Not only that but John's staff will treat you like matter how much or how little you spend in his store. I've personally known this for over twenty years now. That's the way it should be. Unfortunately, other proprietors seem to think not. They prefer to embrace their pocket-filled clientelle whilst belittling those of limited cash flow. I just don't get it. Or perhaps even more sadly...I really do!

One side note I must tell you is that John wouldn't let me out of the store 'til I heard the updated version of his pet speaker system...a pair of Vandersteen Signature 2Ce's with the new midrange driver that is featured in the model Three. Once I heard the new improved model...I then understood the reason for my friend's huge kid-like grin. Paired to an Audio Research tube amp all I can say is...Hokey smokes, Bullwinkle! The Ventures never sounded so good and oh, those Mids!

Easy Setup:

But enough of my sidetracking {hey...better than mistracking!}. We're here to discuss the Grado Black P which sports that same cylindrical clear plastic container that provides home for cartridge w/stylus protector, a special tuning fork-like stylus extraction tool and instructions along with the updated classic warranty card. The product can also be registered at as I did. It's quick and painless plus you get to keep your Grado Labs 1 year warranty card as a record of purchase and if nothing else...a wonderful souveneir.

Using the original Technics side screw was simple and a must as Grado does not supply one with the unit. The cart butted up nicely to the P-Mount receptacle on the arm and the pictures will show that VTA was near perfect in both front-to-back and side-to-side. As Grado believes this is important for optimum performance...Technics SL-D30 owners need not concern themselves with any further adjustments in this regard. will need to adjust the VTF via the rear knob on the arm to 1.5 grams for optimum performance. Anti-skating compensation should also equal this setting. Grado loves that 1.5 gram setting but unfortunately Technics setup the P-Mount arm to work at 1.25 grams. I like Grado's force better as it gives the arm a better feel while still providing feather light tracking.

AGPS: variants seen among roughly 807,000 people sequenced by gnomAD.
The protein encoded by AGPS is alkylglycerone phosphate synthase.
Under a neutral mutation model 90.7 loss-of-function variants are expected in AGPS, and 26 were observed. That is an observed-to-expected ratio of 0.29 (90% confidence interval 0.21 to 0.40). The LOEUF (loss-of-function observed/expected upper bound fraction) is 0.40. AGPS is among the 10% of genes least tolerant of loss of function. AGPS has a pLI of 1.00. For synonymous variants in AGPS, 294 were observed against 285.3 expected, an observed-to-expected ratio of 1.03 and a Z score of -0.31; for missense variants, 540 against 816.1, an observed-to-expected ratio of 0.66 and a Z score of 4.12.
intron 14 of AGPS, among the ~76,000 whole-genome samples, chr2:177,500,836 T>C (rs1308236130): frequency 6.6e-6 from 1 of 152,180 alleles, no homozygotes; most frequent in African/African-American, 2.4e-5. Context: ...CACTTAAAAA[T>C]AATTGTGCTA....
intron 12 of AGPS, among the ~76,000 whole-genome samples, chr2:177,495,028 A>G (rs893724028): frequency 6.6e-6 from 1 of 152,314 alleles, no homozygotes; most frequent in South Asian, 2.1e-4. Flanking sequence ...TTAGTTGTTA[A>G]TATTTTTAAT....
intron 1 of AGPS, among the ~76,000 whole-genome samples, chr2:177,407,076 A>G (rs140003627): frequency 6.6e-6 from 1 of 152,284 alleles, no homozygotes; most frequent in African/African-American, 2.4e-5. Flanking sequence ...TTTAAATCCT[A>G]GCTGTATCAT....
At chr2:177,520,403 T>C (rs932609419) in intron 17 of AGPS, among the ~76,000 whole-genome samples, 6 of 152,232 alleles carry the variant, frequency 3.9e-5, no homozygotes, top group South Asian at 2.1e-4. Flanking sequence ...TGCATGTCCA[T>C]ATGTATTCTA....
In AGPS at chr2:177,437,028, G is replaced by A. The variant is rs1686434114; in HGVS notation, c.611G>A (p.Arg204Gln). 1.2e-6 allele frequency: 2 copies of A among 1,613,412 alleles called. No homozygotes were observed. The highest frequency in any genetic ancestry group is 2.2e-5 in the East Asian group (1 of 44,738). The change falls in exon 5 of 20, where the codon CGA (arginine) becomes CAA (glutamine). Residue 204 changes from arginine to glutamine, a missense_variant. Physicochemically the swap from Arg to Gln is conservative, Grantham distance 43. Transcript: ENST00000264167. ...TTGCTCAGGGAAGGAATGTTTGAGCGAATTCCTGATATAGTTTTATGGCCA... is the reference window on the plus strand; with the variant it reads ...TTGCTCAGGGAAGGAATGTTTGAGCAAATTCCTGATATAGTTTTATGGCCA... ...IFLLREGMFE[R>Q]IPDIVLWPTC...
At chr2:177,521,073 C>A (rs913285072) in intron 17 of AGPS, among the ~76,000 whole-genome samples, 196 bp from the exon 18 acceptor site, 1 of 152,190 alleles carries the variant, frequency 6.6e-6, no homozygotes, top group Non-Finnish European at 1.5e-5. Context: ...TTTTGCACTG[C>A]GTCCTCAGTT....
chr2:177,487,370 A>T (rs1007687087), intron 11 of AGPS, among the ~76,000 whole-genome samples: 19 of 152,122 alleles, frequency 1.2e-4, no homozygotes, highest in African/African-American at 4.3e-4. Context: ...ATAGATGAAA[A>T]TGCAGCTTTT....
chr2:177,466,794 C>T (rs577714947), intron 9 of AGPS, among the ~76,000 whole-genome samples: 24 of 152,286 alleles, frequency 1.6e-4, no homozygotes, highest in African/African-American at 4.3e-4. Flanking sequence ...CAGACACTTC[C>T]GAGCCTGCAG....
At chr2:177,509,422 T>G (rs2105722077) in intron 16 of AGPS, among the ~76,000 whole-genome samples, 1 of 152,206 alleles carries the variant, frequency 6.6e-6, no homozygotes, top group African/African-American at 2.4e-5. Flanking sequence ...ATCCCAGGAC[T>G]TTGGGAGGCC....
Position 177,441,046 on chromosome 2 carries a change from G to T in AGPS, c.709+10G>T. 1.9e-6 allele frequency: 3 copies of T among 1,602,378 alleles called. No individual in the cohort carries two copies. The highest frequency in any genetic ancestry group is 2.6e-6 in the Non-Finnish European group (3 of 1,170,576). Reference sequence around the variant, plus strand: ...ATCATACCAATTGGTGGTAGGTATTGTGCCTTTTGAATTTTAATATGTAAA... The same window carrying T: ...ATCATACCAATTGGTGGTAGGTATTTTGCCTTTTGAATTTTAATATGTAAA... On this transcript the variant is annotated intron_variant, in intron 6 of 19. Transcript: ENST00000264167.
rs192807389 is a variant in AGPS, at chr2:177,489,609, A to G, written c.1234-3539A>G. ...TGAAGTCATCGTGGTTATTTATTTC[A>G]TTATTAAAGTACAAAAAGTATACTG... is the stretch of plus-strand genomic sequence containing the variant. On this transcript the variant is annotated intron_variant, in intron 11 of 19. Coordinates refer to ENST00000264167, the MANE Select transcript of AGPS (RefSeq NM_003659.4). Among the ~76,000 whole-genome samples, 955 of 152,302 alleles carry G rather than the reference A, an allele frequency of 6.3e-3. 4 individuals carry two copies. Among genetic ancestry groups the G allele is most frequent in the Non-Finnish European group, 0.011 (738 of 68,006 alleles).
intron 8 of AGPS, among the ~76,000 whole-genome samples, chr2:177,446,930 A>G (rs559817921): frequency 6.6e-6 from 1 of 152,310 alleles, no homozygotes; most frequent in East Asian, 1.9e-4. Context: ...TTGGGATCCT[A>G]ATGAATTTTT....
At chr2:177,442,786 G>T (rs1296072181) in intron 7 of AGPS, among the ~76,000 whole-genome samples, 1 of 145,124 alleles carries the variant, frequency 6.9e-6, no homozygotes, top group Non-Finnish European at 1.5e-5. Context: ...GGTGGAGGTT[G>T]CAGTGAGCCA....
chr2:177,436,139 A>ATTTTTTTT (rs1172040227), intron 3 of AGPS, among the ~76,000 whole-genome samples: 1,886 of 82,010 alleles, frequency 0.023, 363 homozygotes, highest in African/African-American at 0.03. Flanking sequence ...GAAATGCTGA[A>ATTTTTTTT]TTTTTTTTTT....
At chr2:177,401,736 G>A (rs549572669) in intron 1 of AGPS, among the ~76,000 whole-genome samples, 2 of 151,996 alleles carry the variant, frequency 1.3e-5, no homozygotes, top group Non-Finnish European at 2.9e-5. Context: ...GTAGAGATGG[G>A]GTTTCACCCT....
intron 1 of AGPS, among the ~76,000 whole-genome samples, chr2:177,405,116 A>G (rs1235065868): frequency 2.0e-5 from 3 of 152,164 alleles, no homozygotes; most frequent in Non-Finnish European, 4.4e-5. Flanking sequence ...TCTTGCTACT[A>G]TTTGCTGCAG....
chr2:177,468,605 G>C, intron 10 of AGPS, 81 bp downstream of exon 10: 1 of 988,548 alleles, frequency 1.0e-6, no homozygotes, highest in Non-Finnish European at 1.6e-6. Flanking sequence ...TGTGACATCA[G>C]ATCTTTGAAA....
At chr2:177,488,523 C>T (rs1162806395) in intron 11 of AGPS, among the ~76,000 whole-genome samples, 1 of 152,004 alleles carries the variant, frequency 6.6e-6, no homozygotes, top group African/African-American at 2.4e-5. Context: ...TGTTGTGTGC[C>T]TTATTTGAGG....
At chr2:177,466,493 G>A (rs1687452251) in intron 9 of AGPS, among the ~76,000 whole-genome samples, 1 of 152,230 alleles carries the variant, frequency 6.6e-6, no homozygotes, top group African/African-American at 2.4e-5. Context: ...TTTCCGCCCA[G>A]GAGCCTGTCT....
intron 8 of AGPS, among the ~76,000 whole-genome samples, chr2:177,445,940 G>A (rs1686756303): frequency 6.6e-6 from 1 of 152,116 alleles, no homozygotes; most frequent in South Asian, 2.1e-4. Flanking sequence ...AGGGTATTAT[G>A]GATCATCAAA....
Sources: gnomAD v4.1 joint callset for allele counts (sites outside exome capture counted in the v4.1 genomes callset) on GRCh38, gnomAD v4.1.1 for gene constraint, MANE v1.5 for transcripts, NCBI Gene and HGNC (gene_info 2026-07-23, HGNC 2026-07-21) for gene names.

If you own one of the Technics belt driven versions of this table, you can still increase the tracking force by turning the rear screw. Carefully peel off the black label that states anti-skating is factory set at the base of the arm and it will reveal a small port that exposes the adjusting screw. You can use the smooth lead out area of one of your shorter LP's to visually compensate or breakout that old Shure Era V test record with the track that features buzzing in both channels. The first level you notice the raspiness in one channel is the one you want to use to make the adjustment. It is not necessary to go to the top level when the initial raspiness is noted in a lower one.

VTF can be checked with an inexpensive Shure SFG-2 Stylus Force Guage. On the SL-D30 the gauge will confirm the 1.5 gram setting.


The first two hours of break-in featured my favorite test and break-in record in the whole world...Reference Recordings "Professor Johnson's Astounding Sound Show" Cat# RR-7. Side One features some amazing and dynamic stuff that is also entertaining. Transients, musical timbres and dynamics are all in abundance and the Grado darn near aced the entire side except for ever so slightly less than perfect reproduction of bells and cymbals {Side One Tracks 2&3}. Just a wee bit of sandpaper and clanging were detected but it must be said that only cartridges of the highest quality at considerably much higher price tags than the Grado can ace this test. Some of the higher priced stuff can't match the Grado!